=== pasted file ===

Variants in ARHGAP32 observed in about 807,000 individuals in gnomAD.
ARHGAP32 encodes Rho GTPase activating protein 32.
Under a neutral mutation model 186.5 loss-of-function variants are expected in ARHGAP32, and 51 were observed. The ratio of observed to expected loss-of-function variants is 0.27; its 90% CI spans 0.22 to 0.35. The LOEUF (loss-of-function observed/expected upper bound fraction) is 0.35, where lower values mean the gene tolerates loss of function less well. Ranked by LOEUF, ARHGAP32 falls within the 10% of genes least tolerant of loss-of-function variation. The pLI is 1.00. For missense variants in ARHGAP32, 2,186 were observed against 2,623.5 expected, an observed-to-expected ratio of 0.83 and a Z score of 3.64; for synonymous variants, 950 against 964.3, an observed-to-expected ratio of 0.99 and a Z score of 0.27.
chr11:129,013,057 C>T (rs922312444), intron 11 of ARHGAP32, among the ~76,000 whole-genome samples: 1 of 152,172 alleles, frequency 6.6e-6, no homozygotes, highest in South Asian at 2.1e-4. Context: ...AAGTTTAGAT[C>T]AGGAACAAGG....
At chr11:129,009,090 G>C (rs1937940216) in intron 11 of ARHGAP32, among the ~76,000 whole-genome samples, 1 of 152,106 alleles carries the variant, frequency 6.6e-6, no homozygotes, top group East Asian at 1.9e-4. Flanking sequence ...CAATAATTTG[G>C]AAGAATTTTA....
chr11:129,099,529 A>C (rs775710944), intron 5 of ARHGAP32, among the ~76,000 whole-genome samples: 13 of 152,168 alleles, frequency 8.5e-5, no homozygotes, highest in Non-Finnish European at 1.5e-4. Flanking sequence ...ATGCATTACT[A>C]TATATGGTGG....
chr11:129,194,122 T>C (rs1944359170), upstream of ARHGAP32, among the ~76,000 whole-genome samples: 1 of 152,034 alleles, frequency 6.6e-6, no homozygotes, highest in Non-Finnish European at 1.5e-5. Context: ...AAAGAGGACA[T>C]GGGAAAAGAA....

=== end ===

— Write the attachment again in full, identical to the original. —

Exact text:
Variants in ARHGAP32 observed in about 807,000 individuals in gnomAD.
ARHGAP32 encodes Rho GTPase activating protein 32.
Under a neutral mutation model 186.5 loss-of-function variants are expected in ARHGAP32, and 51 were observed. The ratio of observed to expected loss-of-function variants is 0.27; its 90% CI spans 0.22 to 0.35. The LOEUF (loss-of-function observed/expected upper bound fraction) is 0.35, where lower values mean the gene tolerates loss of function less well. Ranked by LOEUF, ARHGAP32 falls within the 10% of genes least tolerant of loss-of-function variation. The pLI is 1.00. For missense variants in ARHGAP32, 2,186 were observed against 2,623.5 expected, an observed-to-expected ratio of 0.83 and a Z score of 3.64; for synonymous variants, 950 against 964.3, an observed-to-expected ratio of 0.99 and a Z score of 0.27.
chr11:129,013,057 C>T (rs922312444), intron 11 of ARHGAP32, among the ~76,000 whole-genome samples: 1 of 152,172 alleles, frequency 6.6e-6, no homozygotes, highest in South Asian at 2.1e-4. Context: ...AAGTTTAGAT[C>T]AGGAACAAGG....
At chr11:129,009,090 G>C (rs1937940216) in intron 11 of ARHGAP32, among the ~76,000 whole-genome samples, 1 of 152,106 alleles carries the variant, frequency 6.6e-6, no homozygotes, top group East Asian at 1.9e-4. Flanking sequence ...CAATAATTTG[G>C]AAGAATTTTA....
chr11:129,099,529 A>C (rs775710944), intron 5 of ARHGAP32, among the ~76,000 whole-genome samples: 13 of 152,168 alleles, frequency 8.5e-5, no homozygotes, highest in Non-Finnish European at 1.5e-4. Flanking sequence ...ATGCATTACT[A>C]TATATGGTGG....
chr11:129,194,122 T>C (rs1944359170), upstream of ARHGAP32, among the ~76,000 whole-genome samples: 1 of 152,034 alleles, frequency 6.6e-6, no homozygotes, highest in Non-Finnish European at 1.5e-5. Context: ...AAAGAGGACA[T>C]GGGAAAAGAA....